I am also blessed to live on the Chippewa River, where the sounds of water and the life it sustains are abundant. Next to the river, a large patch of sweetgrass grows each summer.  Sweetgrass is another sacred medicine to me and it is heavily dependent upon water. Harvesting it to give-away and sell at spiritual gatherings is a yearly ritual that ties me to the people, land and water. Michigan’s bountiful waters have guided my path much like the banks of the river guide the flow of sacred water to the sea. Water connects us all! – Jim Esralian

Chippewa River [Public Domain]

Chippewa River [Public Domain]

We celebrate the Pachamama in Argentina and we do offerings to her such as fruits, grains etc. I think this is one of the reasons why I love connecting with Mother Nature and a great part of my practice has that orientation. For me is important because it connects me with my roots and my ancestors by continuing connecting with the land. When I go back, I usually bring back soil and water to use in my magical work here in USA. The Spirit of the place is very powerful and very different from the spirit of the place I live here. My magic does not seem impacted but the support and the vibrations are different. There is more than one way to lead you to rome so the destination may be the same but the way you get there is different. – Carolina A. Amor

Outside of First Nation’s Spirituality there is not really any kind of regional based magick in my local area, although Canada is quite vast and depending on where one lives, experiences can be quite diverse. Seeing as Manitoba is located in the bible belt of Canada and Winnipeg is primarily land locked (Minneapolis is the closest major centre), magickal practices are slow moving in coming to the area, which is one of the major reasons why serious local magickal practitioners tend to travel.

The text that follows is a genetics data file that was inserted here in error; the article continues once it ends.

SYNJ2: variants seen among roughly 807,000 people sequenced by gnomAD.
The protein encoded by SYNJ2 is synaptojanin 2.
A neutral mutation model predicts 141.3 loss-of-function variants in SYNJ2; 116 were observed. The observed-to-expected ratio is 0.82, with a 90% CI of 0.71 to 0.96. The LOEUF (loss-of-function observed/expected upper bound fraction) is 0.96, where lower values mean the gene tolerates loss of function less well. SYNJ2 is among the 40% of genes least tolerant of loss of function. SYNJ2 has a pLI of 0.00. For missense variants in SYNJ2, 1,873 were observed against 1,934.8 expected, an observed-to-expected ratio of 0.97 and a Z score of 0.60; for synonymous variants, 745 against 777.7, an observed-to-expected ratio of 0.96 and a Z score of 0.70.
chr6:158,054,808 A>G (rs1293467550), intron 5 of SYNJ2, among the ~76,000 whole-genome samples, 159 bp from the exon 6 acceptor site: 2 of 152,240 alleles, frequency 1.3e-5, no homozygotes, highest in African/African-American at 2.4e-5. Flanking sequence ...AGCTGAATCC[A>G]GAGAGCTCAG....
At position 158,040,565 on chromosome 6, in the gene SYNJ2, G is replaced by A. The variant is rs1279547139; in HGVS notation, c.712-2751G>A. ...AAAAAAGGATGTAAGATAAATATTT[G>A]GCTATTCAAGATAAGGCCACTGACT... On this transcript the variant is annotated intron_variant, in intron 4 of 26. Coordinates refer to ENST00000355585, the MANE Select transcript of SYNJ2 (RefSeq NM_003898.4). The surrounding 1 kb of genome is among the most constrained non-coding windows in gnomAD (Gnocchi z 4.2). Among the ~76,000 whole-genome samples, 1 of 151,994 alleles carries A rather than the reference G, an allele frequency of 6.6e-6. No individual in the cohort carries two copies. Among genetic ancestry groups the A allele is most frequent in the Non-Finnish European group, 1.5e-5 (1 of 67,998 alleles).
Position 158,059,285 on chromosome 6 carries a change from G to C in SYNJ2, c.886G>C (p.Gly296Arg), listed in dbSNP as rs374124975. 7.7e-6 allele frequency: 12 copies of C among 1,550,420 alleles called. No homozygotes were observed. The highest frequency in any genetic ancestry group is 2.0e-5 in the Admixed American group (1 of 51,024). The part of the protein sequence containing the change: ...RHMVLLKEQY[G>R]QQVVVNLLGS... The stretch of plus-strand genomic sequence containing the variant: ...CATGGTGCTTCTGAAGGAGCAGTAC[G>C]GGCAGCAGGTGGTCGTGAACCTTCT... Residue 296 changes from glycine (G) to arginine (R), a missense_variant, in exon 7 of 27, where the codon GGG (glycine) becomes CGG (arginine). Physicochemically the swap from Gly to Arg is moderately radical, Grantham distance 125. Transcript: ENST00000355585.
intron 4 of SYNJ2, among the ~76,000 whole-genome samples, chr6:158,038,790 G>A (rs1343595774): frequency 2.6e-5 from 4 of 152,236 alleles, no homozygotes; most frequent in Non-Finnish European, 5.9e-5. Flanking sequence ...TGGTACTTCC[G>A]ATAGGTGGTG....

In my local community you have two choices for regional based magic: First Nation’s Spirituality or the surrounding land itself becomes the source of magick and spiritual inspiration. Being acutely conscious of not wanting to contribute to colonization and mis-appropriation of First Nation’s Spirituality, the land becomes hugely important in my personal practice and in the practice of my working group. Last year, I spent the entire summer building an outdoor temple space with a cairn that acts as a permanent altar and shrine for the local land spirits. While I do have an indoor temple space, the outdoor space allows for a connection to the land and spirits while still being located in a heavily populated core area of Winnipeg. It truly becomes a world between worlds.

Photo of a cairn by Dominique Smith

Photo of a cairn by Dominique Smith

Winnipeg is located where the Assiniboine River flows into the Red River (called The Forks) and for centuries was a major trade centre and Aboriginal meeting place. The land has seen much; is rich with history and energetic presence, in the end, most of the magickal practices here are imports that are superimposed or assimilated into the landscape that creates a patchwork quilt of experiences for the individual practitioner.

The influences of the land  and the events that have occurred in the area have affected everything about my personal magickal practice. It has created a strong need for environmental and anti-racist activism. It has also allowed room for much healing work, which extends to myself personally, to others and to the land. The Winnipeg magickal community is still quite young and still trying to find itself. This unfortunately means that my explanation on regional magick doesn’t come in a nice neat bow. – Dominique Smith

For lack of a better explanation, I am a city priestess. I connect to the energies of land, human history, and geologic/meterological history in densely populated places and use it to weave connective tissue between city and citizens. To me magic happens in several different spheres. But to truly prosper you must do your best to become symbiotic to your environs. This can take a long time and is an imperfect process.